Collecting smartphone sensor data via PubNub messaging

Hammad TariqUncategorized

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In this tutorial you will learn about using Pubnub realtime data stream network with Evothings Studio for broadcasting sensor data between multiple mobile devices.


When we talk about Internet of Things (IoT), we are essentially talking about a network of devices that are connected to each other via internet. Most of the time though, they don’t talk directly, and information often only flows in one direction – i.e. towards the cloud, and not the other way around. In real world though, there are quite a number use-cases where devices actually benefit from talk more or less directly to each other in realtime using 1:1 to or 1:many communication design patterns. Pubnub is one of most interesting data stream networks out there, that can be used to build the realtime communication network of multiple internet connected devices of same or different manufacturers.

Similarly, visualization of meaningful data on a mobile phone app is a major part of many IoT use-cases. For that matter, Evothings Studio is a rapid mobile app prototyping tool for IoT-related apps. It uses common scripting languages of HTML and JavaScript to build the mobile app. As Pubnub has a JavaScript SDK, we can use Evothings Studio to develop mobile apps for publishing, capturing and visualizing realtime data stream originating from multiple IoT devices.

In this example, we will demonstrate how to build a 1:many realtime data stream network by using two or more mobile phones. In the Evothings Free tier, one mobile phone will be used as subscriber to capture and visualize the data stream, and another one will be used as publisher. For the sake of simplicity, instead of using any external sensors, we will just be using the phone’s internal accelerometer sensor readings of publisher mobile phones. Better yet, if you have an indie account or higher you have additional phones attached. And since PubNub uses a publish/subscribe model, you can add more devices when required.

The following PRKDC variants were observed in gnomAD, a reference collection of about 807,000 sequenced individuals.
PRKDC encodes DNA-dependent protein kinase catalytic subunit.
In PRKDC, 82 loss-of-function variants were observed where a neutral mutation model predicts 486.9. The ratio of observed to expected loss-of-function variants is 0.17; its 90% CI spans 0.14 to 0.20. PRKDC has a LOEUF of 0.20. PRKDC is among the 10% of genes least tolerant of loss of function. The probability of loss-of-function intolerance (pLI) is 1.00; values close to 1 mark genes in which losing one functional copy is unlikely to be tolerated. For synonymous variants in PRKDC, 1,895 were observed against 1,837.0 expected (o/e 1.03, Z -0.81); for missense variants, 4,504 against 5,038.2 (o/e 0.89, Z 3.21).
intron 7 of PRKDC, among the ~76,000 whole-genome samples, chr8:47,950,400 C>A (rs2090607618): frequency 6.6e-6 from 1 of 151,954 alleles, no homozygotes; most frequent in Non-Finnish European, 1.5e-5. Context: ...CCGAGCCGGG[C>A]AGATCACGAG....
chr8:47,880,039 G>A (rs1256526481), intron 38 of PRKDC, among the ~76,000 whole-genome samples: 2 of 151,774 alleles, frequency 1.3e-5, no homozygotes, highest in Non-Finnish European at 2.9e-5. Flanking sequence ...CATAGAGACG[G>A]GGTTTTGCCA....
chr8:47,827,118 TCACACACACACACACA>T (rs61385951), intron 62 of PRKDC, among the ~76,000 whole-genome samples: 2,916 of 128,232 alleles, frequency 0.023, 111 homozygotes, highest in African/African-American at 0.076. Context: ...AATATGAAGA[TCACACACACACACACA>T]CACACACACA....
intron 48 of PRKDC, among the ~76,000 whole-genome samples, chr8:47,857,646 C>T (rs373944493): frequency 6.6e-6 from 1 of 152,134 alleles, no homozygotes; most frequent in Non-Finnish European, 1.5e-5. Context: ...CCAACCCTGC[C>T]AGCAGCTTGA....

You’ll need at least two charged smartphones, connected via wifi or using a SIM card (GPRS/3G/4G). We’ll set up an account with PubNub and then the Evothings Studio, which is a download for your computer, and an app for your phone(s).

Step 1: Setup a free Pubnub Account

If you already have a PubNub account, free or commercial, you can of course use that, or get one here. Once logged-in, create a new app by providing the name of your project, for this example, I provided the name “Demo”.
On the next page, click on the name of the project, you will see “Publisher” and “Subscriber” keys for your project, note them down!

Step 2: Setup Evothings Studio

Evothings Studio consists of two parts; one is Evothings Workbench that you install on your computer and secondly the Evothings Viewer app that you can install on your iOS or Android smartphone.

  1. Get a Cloud Token from the Evothings Studio download page.
  2. Open Evothings Workbench, press the “Get Key” button and note down the connection key.
  3. Open Evothings Viewer on your mobile phone, provide the connection key and press the “connect” button.
  4. Once connected, go to Examples tab in Evothings Workbench, find and click the “Run” button for “Hello World” example. Your “Hello World” app will load into the Evothings Viewer.
  5. Click the “Copy” button for “Hello World” example, provide the location of your workspace in your computer – or use the default folder – and press save.
  6. From “My Apps” tab, open the “index.html” of your newly copied project and make any changes you’d like. Each time you save anew, the changes will push to connected clients!

Congratulations! You are now up and running with Evothings Studio.

Step 3: Configuring the Mobile App

One important feature of Evothings is that you can load a single mobile app code to multiple Evothings Viewers, simultaneously! That means, I can preview my changes on multiple mobile phones at once by simply providing one connection key to all Evothings Viewer apps.